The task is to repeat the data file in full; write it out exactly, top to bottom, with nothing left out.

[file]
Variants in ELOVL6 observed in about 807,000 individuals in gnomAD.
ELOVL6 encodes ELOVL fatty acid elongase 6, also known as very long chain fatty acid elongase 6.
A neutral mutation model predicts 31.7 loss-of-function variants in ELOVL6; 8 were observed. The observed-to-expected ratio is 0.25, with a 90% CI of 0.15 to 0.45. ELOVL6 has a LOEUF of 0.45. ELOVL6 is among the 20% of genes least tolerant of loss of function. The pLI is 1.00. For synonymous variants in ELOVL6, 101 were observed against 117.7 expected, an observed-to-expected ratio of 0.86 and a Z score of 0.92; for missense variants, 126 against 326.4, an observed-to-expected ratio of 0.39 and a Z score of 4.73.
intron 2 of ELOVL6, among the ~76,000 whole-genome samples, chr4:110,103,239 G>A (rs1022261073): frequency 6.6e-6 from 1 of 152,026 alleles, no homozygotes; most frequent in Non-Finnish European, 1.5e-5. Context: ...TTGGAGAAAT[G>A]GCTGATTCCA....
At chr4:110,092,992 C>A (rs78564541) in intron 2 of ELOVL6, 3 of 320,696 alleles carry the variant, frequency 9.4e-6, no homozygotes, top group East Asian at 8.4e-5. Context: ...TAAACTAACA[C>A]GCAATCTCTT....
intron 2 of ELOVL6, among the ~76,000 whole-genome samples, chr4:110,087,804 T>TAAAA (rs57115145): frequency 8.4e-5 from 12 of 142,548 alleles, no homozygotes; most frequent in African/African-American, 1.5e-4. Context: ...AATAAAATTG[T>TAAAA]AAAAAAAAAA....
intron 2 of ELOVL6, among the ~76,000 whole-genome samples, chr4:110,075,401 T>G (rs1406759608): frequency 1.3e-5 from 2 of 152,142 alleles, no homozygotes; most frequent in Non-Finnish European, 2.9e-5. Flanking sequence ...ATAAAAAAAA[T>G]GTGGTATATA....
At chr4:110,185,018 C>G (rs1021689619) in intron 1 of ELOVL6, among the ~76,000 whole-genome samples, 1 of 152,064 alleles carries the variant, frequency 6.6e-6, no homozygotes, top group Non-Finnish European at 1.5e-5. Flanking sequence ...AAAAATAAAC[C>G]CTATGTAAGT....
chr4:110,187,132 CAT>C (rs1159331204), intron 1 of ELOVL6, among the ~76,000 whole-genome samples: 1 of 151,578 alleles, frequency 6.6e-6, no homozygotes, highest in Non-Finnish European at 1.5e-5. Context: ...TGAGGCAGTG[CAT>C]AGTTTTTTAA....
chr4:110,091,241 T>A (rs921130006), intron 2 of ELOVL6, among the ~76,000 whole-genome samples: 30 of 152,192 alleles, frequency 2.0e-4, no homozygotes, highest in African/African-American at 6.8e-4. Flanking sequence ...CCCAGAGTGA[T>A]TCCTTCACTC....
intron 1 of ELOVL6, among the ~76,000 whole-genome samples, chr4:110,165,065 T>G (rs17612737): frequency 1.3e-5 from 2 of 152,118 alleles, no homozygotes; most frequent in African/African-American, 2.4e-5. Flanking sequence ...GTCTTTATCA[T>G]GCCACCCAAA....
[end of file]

Variants in ELOVL6 observed in about 807,000 individuals in gnomAD.
ELOVL6 encodes ELOVL fatty acid elongase 6, also known as very long chain fatty acid elongase 6.
A neutral mutation model predicts 31.7 loss-of-function variants in ELOVL6; 8 were observed. The observed-to-expected ratio is 0.25, with a 90% CI of 0.15 to 0.45. ELOVL6 has a LOEUF of 0.45. ELOVL6 is among the 20% of genes least tolerant of loss of function. The pLI is 1.00. For synonymous variants in ELOVL6, 101 were observed against 117.7 expected, an observed-to-expected ratio of 0.86 and a Z score of 0.92; for missense variants, 126 against 326.4, an observed-to-expected ratio of 0.39 and a Z score of 4.73.
intron 2 of ELOVL6, among the ~76,000 whole-genome samples, chr4:110,103,239 G>A (rs1022261073): frequency 6.6e-6 from 1 of 152,026 alleles, no homozygotes; most frequent in Non-Finnish European, 1.5e-5. Context: ...TTGGAGAAAT[G>A]GCTGATTCCA....
At chr4:110,092,992 C>A (rs78564541) in intron 2 of ELOVL6, 3 of 320,696 alleles carry the variant, frequency 9.4e-6, no homozygotes, top group East Asian at 8.4e-5. Context: ...TAAACTAACA[C>A]GCAATCTCTT....
intron 2 of ELOVL6, among the ~76,000 whole-genome samples, chr4:110,087,804 T>TAAAA (rs57115145): frequency 8.4e-5 from 12 of 142,548 alleles, no homozygotes; most frequent in African/African-American, 1.5e-4. Context: ...AATAAAATTG[T>TAAAA]AAAAAAAAAA....
intron 2 of ELOVL6, among the ~76,000 whole-genome samples, chr4:110,075,401 T>G (rs1406759608): frequency 1.3e-5 from 2 of 152,142 alleles, no homozygotes; most frequent in Non-Finnish European, 2.9e-5. Flanking sequence ...ATAAAAAAAA[T>G]GTGGTATATA....
At chr4:110,185,018 C>G (rs1021689619) in intron 1 of ELOVL6, among the ~76,000 whole-genome samples, 1 of 152,064 alleles carries the variant, frequency 6.6e-6, no homozygotes, top group Non-Finnish European at 1.5e-5. Flanking sequence ...AAAAATAAAC[C>G]CTATGTAAGT....
chr4:110,187,132 CAT>C (rs1159331204), intron 1 of ELOVL6, among the ~76,000 whole-genome samples: 1 of 151,578 alleles, frequency 6.6e-6, no homozygotes, highest in Non-Finnish European at 1.5e-5. Context: ...TGAGGCAGTG[CAT>C]AGTTTTTTAA....
chr4:110,091,241 T>A (rs921130006), intron 2 of ELOVL6, among the ~76,000 whole-genome samples: 30 of 152,192 alleles, frequency 2.0e-4, no homozygotes, highest in African/African-American at 6.8e-4. Flanking sequence ...CCCAGAGTGA[T>A]TCCTTCACTC....
intron 1 of ELOVL6, among the ~76,000 whole-genome samples, chr4:110,165,065 T>G (rs17612737): frequency 1.3e-5 from 2 of 152,118 alleles, no homozygotes; most frequent in African/African-American, 2.4e-5. Flanking sequence ...GTCTTTATCA[T>G]GCCACCCAAA....